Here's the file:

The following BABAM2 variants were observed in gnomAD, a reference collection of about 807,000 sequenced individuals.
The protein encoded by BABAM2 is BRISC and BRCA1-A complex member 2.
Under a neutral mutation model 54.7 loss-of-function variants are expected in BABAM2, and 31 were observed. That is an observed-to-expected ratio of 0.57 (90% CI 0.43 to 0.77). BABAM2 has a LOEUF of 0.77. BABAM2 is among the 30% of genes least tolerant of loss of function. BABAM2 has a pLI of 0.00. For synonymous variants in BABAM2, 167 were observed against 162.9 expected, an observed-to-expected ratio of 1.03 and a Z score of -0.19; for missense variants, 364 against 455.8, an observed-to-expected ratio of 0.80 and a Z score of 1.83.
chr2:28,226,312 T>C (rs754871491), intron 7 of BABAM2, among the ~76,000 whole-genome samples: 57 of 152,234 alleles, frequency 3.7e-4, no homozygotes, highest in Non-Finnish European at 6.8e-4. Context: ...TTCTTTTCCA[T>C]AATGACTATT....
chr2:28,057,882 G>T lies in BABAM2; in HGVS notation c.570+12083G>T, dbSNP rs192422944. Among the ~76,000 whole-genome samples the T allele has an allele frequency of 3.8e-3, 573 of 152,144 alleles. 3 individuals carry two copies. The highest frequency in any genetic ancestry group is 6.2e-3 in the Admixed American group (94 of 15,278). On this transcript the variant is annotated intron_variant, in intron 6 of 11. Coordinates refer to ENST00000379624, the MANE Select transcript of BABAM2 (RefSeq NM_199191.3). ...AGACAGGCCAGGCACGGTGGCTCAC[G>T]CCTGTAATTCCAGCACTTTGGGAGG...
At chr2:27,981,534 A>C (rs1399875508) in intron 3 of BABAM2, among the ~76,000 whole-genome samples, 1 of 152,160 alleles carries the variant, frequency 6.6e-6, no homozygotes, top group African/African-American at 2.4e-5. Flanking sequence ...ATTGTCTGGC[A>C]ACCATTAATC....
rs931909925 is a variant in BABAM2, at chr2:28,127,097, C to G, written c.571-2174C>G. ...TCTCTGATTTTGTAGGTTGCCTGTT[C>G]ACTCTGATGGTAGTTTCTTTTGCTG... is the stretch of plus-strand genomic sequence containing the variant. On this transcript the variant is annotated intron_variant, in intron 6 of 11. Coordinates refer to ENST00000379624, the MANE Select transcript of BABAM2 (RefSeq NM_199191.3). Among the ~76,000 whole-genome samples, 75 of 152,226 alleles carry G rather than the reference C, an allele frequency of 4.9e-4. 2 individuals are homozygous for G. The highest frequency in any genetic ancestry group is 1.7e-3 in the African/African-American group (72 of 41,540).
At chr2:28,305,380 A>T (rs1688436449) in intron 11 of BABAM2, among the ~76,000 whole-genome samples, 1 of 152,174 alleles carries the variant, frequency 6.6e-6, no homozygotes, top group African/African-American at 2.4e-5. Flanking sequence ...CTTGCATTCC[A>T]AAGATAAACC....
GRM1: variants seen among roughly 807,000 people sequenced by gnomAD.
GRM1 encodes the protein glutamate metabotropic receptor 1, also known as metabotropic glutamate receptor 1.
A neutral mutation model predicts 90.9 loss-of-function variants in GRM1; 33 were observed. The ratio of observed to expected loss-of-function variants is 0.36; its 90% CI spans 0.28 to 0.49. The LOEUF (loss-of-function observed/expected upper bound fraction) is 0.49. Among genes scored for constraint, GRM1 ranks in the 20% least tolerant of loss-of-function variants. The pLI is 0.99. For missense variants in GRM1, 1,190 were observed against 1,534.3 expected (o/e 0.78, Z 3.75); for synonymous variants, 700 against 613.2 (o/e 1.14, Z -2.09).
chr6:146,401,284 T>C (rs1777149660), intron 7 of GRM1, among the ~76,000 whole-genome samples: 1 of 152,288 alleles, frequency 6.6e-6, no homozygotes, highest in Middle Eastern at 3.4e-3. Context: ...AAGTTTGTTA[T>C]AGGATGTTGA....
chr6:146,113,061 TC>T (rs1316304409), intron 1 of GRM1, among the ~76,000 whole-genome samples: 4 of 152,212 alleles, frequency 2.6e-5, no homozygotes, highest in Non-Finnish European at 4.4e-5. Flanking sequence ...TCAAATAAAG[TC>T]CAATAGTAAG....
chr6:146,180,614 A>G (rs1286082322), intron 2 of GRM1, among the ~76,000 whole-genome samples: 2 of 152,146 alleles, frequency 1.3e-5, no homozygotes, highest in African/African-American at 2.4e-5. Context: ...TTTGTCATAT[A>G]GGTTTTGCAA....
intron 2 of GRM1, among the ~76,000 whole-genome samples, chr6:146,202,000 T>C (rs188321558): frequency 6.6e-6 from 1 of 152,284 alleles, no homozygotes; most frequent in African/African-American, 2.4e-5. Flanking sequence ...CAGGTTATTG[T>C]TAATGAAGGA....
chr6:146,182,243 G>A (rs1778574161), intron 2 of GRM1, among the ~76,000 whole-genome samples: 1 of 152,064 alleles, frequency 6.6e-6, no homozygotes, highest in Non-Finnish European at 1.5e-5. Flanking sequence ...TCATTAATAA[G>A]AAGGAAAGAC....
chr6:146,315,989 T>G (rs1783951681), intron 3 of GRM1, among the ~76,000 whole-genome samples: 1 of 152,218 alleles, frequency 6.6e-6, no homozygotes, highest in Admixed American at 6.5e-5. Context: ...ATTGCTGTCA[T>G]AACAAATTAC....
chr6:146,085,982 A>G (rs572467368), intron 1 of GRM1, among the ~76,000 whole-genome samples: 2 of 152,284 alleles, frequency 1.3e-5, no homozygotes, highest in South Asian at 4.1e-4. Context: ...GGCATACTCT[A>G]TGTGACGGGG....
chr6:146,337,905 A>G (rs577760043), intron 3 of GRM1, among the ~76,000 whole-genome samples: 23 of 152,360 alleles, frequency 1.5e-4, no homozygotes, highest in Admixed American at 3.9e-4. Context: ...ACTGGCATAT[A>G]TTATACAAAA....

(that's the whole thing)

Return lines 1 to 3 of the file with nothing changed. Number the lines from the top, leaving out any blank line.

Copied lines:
The following BABAM2 variants were observed in gnomAD, a reference collection of about 807,000 sequenced individuals.
The protein encoded by BABAM2 is BRISC and BRCA1-A complex member 2.
Under a neutral mutation model 54.7 loss-of-function variants are expected in BABAM2, and 31 were observed. That is an observed-to-expected ratio of 0.57 (90% CI 0.43 to 0.77). BABAM2 has a LOEUF of 0.77. BABAM2 is among the 30% of genes least tolerant of loss of function. BABAM2 has a pLI of 0.00. For synonymous variants in BABAM2, 167 were observed against 162.9 expected, an observed-to-expected ratio of 1.03 and a Z score of -0.19; for missense variants, 364 against 455.8, an observed-to-expected ratio of 0.80 and a Z score of 1.83.